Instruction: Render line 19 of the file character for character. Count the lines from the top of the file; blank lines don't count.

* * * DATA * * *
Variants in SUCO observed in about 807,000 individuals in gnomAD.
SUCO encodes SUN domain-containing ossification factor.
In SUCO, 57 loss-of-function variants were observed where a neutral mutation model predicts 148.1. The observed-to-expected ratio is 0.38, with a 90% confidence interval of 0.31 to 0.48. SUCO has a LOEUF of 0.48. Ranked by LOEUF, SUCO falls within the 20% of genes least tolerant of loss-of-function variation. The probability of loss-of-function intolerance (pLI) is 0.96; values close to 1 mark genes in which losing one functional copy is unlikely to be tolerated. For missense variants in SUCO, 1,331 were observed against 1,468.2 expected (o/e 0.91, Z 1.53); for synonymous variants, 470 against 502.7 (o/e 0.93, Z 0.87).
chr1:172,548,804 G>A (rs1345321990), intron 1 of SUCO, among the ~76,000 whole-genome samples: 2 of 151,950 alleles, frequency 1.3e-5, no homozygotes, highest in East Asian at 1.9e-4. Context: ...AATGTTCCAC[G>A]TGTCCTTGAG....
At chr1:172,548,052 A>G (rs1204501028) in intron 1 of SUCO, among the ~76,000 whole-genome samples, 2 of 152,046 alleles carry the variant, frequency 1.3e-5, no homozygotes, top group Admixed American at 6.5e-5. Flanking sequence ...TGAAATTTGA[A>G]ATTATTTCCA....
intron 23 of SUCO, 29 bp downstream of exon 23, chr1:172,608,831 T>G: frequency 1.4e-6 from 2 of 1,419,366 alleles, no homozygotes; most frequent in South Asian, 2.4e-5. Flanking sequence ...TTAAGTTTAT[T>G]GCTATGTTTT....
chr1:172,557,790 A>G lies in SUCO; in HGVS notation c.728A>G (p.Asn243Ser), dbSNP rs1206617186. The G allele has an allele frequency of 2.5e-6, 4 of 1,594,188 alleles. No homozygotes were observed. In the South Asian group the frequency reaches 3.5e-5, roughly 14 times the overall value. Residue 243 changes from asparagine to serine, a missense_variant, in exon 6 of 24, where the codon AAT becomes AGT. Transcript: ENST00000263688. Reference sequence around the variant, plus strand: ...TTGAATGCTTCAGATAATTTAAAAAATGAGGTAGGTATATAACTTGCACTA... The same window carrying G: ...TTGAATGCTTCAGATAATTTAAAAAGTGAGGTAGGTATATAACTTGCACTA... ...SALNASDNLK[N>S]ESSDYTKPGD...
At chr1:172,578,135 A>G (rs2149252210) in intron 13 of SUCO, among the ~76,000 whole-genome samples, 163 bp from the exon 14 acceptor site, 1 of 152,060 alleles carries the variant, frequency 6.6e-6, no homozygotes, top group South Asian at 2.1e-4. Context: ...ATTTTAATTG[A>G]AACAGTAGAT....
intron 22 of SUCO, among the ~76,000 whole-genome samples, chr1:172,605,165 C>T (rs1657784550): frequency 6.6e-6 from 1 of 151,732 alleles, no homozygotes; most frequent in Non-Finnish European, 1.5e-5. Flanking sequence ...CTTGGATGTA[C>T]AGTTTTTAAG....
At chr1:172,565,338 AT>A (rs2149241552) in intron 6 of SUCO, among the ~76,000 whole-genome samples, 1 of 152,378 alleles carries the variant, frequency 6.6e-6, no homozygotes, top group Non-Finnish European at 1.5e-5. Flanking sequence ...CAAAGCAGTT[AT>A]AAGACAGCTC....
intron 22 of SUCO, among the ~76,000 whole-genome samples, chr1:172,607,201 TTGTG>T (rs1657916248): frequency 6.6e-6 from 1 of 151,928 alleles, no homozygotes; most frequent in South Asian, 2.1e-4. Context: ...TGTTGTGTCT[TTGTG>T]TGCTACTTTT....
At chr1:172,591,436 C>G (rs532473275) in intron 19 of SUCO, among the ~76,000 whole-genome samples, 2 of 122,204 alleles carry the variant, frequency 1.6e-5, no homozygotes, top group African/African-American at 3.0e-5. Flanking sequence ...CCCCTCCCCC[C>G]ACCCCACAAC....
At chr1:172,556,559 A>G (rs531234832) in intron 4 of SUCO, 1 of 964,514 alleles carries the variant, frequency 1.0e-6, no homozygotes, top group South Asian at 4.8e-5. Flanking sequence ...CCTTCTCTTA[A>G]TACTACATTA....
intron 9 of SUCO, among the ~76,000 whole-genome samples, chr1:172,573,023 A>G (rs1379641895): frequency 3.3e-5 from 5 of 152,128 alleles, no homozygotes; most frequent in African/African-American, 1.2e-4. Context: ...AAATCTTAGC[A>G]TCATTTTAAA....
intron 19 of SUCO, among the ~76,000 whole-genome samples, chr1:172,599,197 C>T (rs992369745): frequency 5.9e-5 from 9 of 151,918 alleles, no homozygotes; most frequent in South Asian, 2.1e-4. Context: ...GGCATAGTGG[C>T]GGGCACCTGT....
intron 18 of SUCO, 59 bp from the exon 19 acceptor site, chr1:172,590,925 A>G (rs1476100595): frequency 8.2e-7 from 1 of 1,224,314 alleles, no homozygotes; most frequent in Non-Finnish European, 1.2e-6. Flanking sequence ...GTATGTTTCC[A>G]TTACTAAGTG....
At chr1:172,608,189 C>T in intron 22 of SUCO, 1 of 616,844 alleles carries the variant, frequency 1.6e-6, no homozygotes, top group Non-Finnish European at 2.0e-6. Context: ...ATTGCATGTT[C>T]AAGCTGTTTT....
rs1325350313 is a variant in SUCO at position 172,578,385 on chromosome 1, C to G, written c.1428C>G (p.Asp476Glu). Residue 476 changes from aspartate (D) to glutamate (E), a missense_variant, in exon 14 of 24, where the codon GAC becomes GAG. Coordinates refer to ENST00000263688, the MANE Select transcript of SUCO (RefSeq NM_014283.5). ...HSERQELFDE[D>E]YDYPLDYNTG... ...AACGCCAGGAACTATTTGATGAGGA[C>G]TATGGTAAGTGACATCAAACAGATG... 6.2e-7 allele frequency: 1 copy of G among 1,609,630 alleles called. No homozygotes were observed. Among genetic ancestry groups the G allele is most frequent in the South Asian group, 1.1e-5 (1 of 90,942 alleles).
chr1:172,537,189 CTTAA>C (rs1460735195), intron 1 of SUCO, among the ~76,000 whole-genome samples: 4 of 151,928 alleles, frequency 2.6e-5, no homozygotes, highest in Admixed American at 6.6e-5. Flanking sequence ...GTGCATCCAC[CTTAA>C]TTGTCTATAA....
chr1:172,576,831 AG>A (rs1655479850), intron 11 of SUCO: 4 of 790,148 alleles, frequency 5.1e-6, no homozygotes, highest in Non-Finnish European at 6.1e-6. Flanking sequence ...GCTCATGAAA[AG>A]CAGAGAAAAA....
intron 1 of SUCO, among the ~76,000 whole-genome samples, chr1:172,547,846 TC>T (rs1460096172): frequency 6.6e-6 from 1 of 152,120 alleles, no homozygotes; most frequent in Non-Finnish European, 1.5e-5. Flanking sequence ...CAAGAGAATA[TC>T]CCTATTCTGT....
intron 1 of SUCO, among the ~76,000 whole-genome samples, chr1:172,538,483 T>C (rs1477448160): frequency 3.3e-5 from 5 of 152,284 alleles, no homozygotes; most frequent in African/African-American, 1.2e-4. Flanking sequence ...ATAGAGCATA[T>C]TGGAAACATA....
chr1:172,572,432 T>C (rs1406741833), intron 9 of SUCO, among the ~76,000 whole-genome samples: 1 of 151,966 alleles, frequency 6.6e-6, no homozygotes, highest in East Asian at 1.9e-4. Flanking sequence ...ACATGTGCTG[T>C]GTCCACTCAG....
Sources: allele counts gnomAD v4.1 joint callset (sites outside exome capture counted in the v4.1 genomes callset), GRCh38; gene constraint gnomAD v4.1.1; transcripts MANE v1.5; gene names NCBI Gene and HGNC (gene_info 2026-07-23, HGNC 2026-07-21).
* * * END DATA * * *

chr1:172,537,189 CTTAA>C (rs1460735195), intron 1 of SUCO, among the ~76,000 whole-genome samples: 4 of 151,928 alleles, frequency 2.6e-5, no homozygotes, highest in Admixed American at 6.6e-5. Flanking sequence ...GTGCATCCAC[CTTAA>C]TTGTCTATAA....